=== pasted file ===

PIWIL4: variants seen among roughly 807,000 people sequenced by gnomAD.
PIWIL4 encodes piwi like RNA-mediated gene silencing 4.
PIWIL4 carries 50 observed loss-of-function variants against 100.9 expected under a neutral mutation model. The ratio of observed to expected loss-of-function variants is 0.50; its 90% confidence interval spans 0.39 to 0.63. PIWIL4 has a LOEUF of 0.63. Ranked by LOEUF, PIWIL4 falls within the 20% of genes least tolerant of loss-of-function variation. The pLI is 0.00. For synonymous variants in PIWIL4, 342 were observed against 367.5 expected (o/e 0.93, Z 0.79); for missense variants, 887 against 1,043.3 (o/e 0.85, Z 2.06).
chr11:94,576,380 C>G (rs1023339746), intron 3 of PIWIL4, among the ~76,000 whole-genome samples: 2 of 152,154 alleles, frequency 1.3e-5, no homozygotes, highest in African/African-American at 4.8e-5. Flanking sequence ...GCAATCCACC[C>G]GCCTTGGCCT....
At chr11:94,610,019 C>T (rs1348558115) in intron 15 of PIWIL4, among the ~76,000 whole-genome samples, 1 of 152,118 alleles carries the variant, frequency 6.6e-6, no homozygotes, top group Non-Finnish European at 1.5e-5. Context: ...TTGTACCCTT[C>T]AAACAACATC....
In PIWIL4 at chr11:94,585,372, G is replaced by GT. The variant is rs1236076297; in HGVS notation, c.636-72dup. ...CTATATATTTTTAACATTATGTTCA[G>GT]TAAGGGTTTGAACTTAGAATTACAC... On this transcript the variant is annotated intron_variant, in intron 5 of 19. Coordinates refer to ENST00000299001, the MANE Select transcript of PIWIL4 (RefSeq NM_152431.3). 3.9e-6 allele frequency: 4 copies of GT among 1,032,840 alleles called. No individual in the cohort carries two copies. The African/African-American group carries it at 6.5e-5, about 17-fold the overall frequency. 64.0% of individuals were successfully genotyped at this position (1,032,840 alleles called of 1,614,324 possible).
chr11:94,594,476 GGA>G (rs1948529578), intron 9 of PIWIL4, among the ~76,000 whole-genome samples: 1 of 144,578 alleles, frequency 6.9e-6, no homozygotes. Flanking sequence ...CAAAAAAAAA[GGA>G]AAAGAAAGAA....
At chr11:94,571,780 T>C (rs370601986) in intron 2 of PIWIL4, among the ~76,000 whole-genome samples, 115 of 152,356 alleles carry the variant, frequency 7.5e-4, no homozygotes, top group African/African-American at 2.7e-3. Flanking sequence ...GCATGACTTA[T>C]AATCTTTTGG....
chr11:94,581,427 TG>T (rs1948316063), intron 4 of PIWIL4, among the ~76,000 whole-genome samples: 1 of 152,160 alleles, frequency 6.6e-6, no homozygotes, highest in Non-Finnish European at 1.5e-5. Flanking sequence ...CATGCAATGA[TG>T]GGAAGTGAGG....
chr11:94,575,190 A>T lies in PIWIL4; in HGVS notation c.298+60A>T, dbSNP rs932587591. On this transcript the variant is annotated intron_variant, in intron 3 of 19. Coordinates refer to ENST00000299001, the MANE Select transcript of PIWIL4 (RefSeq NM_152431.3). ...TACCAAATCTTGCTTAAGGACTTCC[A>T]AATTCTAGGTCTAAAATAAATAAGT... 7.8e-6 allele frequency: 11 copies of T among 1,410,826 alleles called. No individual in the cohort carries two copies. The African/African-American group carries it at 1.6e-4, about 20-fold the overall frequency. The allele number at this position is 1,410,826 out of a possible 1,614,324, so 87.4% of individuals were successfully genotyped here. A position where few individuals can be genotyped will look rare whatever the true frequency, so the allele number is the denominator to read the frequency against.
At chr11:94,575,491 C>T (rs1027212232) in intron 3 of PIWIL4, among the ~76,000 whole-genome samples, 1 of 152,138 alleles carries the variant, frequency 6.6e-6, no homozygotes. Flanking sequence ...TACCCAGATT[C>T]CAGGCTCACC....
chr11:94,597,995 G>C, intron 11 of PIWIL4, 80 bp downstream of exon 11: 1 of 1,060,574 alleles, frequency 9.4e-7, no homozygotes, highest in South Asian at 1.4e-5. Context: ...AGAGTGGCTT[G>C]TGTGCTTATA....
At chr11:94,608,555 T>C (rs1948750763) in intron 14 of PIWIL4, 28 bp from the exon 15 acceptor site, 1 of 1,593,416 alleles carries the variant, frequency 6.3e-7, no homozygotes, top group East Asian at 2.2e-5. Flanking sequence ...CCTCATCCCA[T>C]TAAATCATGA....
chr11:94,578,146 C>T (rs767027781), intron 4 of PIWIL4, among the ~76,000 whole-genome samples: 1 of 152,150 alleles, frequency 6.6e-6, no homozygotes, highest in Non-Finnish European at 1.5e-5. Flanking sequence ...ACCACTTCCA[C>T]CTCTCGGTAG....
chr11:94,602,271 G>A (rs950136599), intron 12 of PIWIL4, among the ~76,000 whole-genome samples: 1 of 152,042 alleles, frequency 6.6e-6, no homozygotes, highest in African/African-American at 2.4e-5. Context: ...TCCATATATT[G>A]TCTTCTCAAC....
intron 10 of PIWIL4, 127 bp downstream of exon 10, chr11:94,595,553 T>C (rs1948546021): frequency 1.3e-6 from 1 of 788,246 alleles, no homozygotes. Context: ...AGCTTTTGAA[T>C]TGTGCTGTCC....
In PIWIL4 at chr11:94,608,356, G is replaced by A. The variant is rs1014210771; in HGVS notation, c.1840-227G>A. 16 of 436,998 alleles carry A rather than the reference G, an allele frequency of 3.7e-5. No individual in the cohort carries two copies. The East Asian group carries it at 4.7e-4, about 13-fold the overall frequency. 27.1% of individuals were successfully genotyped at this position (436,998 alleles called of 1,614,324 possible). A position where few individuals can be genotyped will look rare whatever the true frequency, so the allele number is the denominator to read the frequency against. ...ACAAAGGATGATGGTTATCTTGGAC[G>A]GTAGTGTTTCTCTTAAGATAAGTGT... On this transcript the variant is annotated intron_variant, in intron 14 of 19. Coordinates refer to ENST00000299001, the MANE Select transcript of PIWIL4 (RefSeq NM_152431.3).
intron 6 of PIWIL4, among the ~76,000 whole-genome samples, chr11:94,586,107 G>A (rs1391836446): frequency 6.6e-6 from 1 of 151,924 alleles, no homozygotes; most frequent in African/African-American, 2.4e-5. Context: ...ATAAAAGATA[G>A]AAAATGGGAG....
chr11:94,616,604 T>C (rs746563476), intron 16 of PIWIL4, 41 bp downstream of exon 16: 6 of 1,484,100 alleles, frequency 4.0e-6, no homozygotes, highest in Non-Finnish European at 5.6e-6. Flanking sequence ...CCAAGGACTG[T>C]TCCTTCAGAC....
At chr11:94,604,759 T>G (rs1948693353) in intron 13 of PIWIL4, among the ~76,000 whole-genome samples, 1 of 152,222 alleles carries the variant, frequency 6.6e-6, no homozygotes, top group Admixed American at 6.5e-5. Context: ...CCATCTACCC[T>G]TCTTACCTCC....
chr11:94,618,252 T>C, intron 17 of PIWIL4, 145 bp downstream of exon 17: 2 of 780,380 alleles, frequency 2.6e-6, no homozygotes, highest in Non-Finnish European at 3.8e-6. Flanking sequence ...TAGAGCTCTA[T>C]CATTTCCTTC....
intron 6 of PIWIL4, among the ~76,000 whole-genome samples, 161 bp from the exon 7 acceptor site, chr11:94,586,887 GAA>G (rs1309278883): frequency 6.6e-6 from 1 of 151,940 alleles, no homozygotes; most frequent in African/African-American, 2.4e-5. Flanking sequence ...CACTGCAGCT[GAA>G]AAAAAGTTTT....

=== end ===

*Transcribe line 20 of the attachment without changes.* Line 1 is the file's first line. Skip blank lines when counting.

At chr11:94,604,759 T>G (rs1948693353) in intron 13 of PIWIL4, among the ~76,000 whole-genome samples, 1 of 152,222 alleles carries the variant, frequency 6.6e-6, no homozygotes, top group Admixed American at 6.5e-5. Context: ...CCATCTACCC[T>G]TCTTACCTCC....